by Marvin Moore | 7 June 2021 |
I am responding to Loren Seibold’s “Ellen White, the Bible, and Persistent Hermeneutical Confusion.” And while I agree with much of what Loren said, I do have some reservations.
I’ll begin with the list of seven ways to regard the writings of Ellen White, none of which reflect my understanding, though number 4 comes the closest. Recently I read Jud Lake’s book, Ellen White Under Fire, and I find his definition of inspiration and revelation as they relate to Ellen White’s writings the best I have read anywhere. Lake says that we cannot spell out degrees of inspiration. Either a person who has the gift of prophecy is inspired by God or they are not. Ellen White’s inspiration is no different from that of the biblical prophets. Either God revealed certain things to Daniel, John, Paul, and Ellen White, or He did not. I agree with Lake.
However, Lake says that there are degrees of authority. The highest level of authority must be given to the Bible and its writers, because the Bible was given for all people at all times and under all circumstances. Ellen White’s authority is subordinate to that of the Bible. She herself made that very clear throughout her 70 years of ministry. Ellen White’s writings are directed especially to the Seventh-day Adventist Church, and they are inspired writings whose authority all Seventh-day Adventists should respect.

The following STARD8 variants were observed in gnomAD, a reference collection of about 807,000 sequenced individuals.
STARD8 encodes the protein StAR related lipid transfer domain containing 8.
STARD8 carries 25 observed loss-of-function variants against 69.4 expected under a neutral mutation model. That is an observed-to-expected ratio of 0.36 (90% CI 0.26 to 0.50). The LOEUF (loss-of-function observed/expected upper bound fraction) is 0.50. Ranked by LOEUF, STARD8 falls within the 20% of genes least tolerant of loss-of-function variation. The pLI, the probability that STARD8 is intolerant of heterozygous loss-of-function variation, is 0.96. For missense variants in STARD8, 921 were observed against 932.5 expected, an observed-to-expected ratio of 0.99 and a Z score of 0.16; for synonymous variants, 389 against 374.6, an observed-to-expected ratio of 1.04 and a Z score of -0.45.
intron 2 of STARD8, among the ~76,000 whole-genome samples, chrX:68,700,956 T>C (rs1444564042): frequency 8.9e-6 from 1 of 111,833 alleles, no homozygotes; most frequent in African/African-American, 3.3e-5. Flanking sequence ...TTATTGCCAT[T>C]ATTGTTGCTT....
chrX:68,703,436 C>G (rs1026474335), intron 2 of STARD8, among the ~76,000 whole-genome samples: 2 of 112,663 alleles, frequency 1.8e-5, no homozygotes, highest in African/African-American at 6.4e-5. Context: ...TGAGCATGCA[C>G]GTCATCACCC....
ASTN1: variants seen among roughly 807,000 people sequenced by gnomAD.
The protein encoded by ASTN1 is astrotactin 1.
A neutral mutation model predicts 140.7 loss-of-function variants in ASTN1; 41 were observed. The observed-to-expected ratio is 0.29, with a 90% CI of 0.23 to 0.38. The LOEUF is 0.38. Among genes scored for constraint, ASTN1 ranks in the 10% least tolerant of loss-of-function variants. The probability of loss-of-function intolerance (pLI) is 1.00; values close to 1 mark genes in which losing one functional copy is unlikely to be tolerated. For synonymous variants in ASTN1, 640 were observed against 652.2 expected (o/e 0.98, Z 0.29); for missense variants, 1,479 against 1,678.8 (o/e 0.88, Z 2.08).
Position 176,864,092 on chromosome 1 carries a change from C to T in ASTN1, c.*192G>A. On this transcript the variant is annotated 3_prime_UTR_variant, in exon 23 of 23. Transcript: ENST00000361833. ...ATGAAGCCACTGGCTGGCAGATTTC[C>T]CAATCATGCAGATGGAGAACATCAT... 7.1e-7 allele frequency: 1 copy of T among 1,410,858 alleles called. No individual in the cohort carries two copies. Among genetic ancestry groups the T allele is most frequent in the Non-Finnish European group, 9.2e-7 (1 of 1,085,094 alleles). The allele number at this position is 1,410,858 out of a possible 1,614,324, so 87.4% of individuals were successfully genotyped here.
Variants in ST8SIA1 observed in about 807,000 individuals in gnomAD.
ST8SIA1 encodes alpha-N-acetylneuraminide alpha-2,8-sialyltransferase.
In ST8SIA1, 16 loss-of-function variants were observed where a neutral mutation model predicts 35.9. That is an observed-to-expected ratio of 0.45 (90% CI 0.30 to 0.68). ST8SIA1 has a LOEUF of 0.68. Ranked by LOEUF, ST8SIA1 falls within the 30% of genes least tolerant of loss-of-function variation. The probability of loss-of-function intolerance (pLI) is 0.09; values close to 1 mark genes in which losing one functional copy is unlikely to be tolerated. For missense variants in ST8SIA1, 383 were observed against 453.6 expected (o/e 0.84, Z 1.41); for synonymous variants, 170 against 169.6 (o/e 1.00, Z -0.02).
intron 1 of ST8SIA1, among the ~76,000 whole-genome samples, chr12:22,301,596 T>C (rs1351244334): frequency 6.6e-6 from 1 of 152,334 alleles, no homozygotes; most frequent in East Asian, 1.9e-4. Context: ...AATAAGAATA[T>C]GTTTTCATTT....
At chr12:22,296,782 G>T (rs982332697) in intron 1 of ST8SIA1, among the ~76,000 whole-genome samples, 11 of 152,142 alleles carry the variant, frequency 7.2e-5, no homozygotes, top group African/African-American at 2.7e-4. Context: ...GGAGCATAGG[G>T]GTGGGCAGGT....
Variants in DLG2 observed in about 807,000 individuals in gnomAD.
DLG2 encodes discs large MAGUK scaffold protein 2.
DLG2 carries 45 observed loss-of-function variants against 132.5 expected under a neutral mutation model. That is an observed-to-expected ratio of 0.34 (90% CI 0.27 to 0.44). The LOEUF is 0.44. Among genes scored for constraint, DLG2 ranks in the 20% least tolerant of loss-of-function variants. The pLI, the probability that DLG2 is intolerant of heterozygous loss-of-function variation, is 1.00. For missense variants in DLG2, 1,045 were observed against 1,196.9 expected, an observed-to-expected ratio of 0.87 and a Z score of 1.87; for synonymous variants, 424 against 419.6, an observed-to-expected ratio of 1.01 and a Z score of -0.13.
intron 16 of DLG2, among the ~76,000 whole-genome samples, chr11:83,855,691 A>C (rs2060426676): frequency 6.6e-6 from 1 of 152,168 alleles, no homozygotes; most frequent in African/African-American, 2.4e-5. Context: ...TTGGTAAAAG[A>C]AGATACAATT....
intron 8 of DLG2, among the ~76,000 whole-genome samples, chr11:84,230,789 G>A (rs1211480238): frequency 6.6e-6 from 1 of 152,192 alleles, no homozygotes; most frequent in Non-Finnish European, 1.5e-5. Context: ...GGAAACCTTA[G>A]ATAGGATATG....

Mark of the Beast
Regarding the mark of the beast and Sunday laws, Ellen White was not the first Adventist to propose this idea. That honor goes to Joseph Bates, who articulated it in the second edition of his book, The Seventh Day Sabbath a Perpetual Sign. However, Ellen White immediately picked up Bates’s interpretation, and it was a part of her end-time scenario for the next 70 years of her prophetic ministry.
Loren is correct that the United States and the Vatican are not mentioned in Revelation. Of course they aren’t! These two entities didn’t exist at the time John wrote his prophecies. He gives us symbolic predictions about future powers that would come to exist toward the end of world history. And the symbols and details that Daniel and Revelation provide about these two powers clearly point to the Vatican and the United States.
The same is true of the mark of the beast and Sunday laws: the connection between these two is not stated in the Bible, because the mark of the beast is an end-time phenomenon that wouldn’t take place for nearly 2000 years after John’s time.
Revelation 13 and 14
So how do we get Sunday laws out of Revelation 13 and 14? I will make the following four suggestions.
First, it is utterly clear that Revelation’s mark of the beast is related to a false form of worship. The word worship appears eight times in Revelation, and in seven of those occurrences it refers to the false worship of the beast that rises from the sea (Revelation 13:4 [twice], 8, 12, 15; 14:7, 9, 11). The one place where the word worship refers to the worship of the true God is Revelation 14:7. The last part of the first angel’s message says, “Worship him who made the heavens, the earth, the sea and the springs of water.”